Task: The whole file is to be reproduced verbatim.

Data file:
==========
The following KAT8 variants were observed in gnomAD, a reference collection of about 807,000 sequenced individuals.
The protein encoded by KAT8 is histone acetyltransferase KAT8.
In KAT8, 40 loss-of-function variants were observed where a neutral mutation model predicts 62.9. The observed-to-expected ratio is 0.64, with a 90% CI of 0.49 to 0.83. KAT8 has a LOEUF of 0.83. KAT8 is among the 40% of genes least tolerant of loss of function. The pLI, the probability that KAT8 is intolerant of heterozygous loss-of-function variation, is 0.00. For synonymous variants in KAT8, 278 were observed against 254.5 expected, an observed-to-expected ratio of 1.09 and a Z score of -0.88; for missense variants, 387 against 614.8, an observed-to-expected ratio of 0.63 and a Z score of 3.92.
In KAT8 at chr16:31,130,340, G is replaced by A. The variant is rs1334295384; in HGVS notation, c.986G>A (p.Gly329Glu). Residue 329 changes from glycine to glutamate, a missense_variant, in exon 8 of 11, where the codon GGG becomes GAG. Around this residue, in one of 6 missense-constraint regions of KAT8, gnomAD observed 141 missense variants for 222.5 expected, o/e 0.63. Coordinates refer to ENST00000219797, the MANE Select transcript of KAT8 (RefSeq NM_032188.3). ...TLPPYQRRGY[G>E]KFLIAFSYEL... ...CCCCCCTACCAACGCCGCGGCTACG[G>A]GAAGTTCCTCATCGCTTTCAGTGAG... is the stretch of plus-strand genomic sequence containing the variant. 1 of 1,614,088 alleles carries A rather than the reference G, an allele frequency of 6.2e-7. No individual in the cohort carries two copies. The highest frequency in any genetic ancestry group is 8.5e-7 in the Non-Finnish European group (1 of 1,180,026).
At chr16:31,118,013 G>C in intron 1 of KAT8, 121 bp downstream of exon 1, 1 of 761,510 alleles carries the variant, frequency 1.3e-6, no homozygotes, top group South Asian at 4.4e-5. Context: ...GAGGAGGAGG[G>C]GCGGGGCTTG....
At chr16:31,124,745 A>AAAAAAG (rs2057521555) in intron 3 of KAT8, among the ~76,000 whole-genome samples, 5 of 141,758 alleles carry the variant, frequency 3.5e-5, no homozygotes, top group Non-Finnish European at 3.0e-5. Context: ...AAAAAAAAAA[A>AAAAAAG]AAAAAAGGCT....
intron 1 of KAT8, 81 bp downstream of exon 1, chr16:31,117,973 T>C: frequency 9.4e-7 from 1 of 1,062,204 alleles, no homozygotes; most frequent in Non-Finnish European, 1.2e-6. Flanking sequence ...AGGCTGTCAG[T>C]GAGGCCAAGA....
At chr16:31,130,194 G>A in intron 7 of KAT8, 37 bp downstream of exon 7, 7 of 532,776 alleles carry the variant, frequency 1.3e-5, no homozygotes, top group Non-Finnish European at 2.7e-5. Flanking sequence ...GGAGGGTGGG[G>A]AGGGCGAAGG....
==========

The following KAT8 variants were observed in gnomAD, a reference collection of about 807,000 sequenced individuals.
The protein encoded by KAT8 is histone acetyltransferase KAT8.
In KAT8, 40 loss-of-function variants were observed where a neutral mutation model predicts 62.9. The observed-to-expected ratio is 0.64, with a 90% CI of 0.49 to 0.83. KAT8 has a LOEUF of 0.83. KAT8 is among the 40% of genes least tolerant of loss of function. The pLI, the probability that KAT8 is intolerant of heterozygous loss-of-function variation, is 0.00. For synonymous variants in KAT8, 278 were observed against 254.5 expected, an observed-to-expected ratio of 1.09 and a Z score of -0.88; for missense variants, 387 against 614.8, an observed-to-expected ratio of 0.63 and a Z score of 3.92.
In KAT8 at chr16:31,130,340, G is replaced by A. The variant is rs1334295384; in HGVS notation, c.986G>A (p.Gly329Glu). Residue 329 changes from glycine to glutamate, a missense_variant, in exon 8 of 11, where the codon GGG becomes GAG. Around this residue, in one of 6 missense-constraint regions of KAT8, gnomAD observed 141 missense variants for 222.5 expected, o/e 0.63. Coordinates refer to ENST00000219797, the MANE Select transcript of KAT8 (RefSeq NM_032188.3). ...TLPPYQRRGY[G>E]KFLIAFSYEL... ...CCCCCCTACCAACGCCGCGGCTACG[G>A]GAAGTTCCTCATCGCTTTCAGTGAG... is the stretch of plus-strand genomic sequence containing the variant. 1 of 1,614,088 alleles carries A rather than the reference G, an allele frequency of 6.2e-7. No individual in the cohort carries two copies. The highest frequency in any genetic ancestry group is 8.5e-7 in the Non-Finnish European group (1 of 1,180,026).
At chr16:31,118,013 G>C in intron 1 of KAT8, 121 bp downstream of exon 1, 1 of 761,510 alleles carries the variant, frequency 1.3e-6, no homozygotes, top group South Asian at 4.4e-5. Context: ...GAGGAGGAGG[G>C]GCGGGGCTTG....
At chr16:31,124,745 A>AAAAAAG (rs2057521555) in intron 3 of KAT8, among the ~76,000 whole-genome samples, 5 of 141,758 alleles carry the variant, frequency 3.5e-5, no homozygotes, top group Non-Finnish European at 3.0e-5. Context: ...AAAAAAAAAA[A>AAAAAAG]AAAAAAGGCT....
intron 1 of KAT8, 81 bp downstream of exon 1, chr16:31,117,973 T>C: frequency 9.4e-7 from 1 of 1,062,204 alleles, no homozygotes; most frequent in Non-Finnish European, 1.2e-6. Flanking sequence ...AGGCTGTCAG[T>C]GAGGCCAAGA....
At chr16:31,130,194 G>A in intron 7 of KAT8, 37 bp downstream of exon 7, 7 of 532,776 alleles carry the variant, frequency 1.3e-5, no homozygotes, top group Non-Finnish European at 2.7e-5. Flanking sequence ...GGAGGGTGGG[G>A]AGGGCGAAGG....